Councillors will consider putting a stake in the proliferation of boulevard election signs with an upcoming notice of motion.
The motion, put together by Couns. Kourtney Penner and Sonya Sharp will come for approval to the Dec. 14 Executive Committee meeting.
It asks that city administration to come back in the first part of next year with proposed amendments to the Temporary Signs on Highways bylaw. The goal is to reduce the visual clutter and the distractions along roadways.
Penner said it first jumped on to her radar in the last election. She’d gone to fix one of her own signs and other signs had popped up. They were all inside the bylaw-prescribed two-metres from one another.
“Really, it looks like garbage strewn along the roads,” she said.
On social media, people were talking about the visual pollution, Penner said.
Penner said sign complaints in 2021 jumped in a year-over-year and month-over-month period from between 10 and 30 per cent.
Last election there were a record number of candidate, adding to the sign spree. Penner said she recognizes her own contribution to the mess.
The request to administration includes examination of the distance between signs, roads where signs should be prohibited and the distance from the roadway itself. It also asks to look at specific rules around election signage.
“Well, if you’re driving at 60 kilometers an hour, you don’t have time to even read signs that are two meters apart, whether they say the same thing or not,” Penner said.
“I think even increasing the distance between signs from the same person – maybe it’s 50 meters, maybe it’s 100 meters to help, again, cut down on the number of (signs).”
It’s visual pollution, but they’re plastic, too
According to the city’s webpage for election signs, there should already be a minimum of 20 metres between signs from the same candidate.
Also, signs are supposed to be two metres (six feet) from the curb or the edge of the roadway.
The other aspect to this is the waste generated from election signs. Most signs are made from single-use corrugated plastics. These signs aren’t allowed in the city’s recycling stream, so many end up in the landfill.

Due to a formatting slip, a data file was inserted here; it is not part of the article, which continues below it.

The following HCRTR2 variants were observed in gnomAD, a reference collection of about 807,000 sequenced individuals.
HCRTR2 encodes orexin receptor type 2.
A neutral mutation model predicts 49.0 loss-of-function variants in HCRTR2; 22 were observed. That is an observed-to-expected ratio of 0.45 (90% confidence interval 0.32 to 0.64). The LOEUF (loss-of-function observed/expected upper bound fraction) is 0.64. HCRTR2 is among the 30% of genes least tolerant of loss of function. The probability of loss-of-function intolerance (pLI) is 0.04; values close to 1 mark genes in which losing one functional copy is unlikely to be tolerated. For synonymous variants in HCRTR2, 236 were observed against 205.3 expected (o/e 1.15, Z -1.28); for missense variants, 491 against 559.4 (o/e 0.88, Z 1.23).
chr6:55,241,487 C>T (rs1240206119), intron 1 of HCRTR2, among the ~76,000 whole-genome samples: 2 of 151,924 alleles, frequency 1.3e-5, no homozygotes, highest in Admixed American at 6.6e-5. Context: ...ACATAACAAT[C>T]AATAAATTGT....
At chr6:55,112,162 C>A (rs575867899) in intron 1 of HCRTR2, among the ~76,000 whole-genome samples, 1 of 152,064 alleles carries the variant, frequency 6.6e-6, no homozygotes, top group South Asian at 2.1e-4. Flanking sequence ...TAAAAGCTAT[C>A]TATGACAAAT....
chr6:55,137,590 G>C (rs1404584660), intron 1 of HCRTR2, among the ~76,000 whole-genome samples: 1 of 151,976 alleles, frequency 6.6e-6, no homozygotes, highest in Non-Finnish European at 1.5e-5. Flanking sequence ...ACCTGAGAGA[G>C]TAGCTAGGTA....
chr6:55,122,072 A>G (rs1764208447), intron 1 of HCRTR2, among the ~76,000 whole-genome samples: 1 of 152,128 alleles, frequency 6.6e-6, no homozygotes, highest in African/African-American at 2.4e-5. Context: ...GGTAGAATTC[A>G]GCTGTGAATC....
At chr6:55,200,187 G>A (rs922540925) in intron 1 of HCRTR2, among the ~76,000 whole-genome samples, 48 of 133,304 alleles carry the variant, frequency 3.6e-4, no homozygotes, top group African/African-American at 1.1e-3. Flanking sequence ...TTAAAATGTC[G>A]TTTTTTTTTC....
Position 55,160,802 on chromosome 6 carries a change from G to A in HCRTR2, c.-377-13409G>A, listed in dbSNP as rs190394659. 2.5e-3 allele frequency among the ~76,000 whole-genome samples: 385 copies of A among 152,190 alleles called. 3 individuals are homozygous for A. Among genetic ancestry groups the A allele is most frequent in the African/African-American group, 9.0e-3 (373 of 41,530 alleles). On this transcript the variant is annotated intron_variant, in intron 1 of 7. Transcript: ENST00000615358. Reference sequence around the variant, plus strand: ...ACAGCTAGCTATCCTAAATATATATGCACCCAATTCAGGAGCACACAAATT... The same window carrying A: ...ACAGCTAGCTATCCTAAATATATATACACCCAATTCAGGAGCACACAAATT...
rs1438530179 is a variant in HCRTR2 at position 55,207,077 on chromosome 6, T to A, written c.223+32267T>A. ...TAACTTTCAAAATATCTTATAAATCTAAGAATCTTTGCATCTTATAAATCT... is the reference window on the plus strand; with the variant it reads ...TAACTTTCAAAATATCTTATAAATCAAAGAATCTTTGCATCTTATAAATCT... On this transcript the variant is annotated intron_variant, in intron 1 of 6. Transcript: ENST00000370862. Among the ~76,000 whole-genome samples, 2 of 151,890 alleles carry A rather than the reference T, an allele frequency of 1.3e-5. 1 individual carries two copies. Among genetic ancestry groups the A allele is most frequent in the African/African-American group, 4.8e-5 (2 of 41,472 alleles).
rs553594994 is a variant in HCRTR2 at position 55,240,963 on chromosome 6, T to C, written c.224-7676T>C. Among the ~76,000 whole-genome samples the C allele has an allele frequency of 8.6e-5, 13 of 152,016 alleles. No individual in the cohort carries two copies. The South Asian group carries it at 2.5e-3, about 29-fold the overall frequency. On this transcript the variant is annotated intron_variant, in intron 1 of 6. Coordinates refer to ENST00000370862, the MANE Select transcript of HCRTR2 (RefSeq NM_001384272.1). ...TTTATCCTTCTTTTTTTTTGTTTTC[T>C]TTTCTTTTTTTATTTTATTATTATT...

The city recently adopted a single-use item reduction strategy. While signs weren’t explicitly mentioned in this strategy, the upcoming notice of motion mentions how it could influence changes to the temporary sign bylaw.
“This is environmental stewardship, visual pollution, and this is really responding to what I saw during the campaign of people complaining,” Penner said.
Enforcement could be an issue, however. Earlier this year, Coun. Raj Dhaliwal brought up the issue of illegal signs along Métis Trail in northeast Calgary. Part of the problem was 311 complaints were being made and nothing was being done.
“I don’t want it to come to a point where residents are taking these signs out because they shouldn’t be,” Dhaliwal said at the time.
The city said they were trying to fix the issue.
Penner said the use of technology could help with some of this. They could require geotagging and dating of the signs so the city knows who might be tied to illegal placement. Adherence to the changes could also reduce bylaw complaints themselves, she said.
Ultimately, the bylaw needs a review, Penner said. It’s been 25 years since there was a full rewrite (1997).
It’s possible the changes could be in place before next May’s scheduled provincial election. The review does mention compliance with provincial election sign bylaws.
If it passes the merit test at Executive Committee, it will still need approval at a full meeting of council.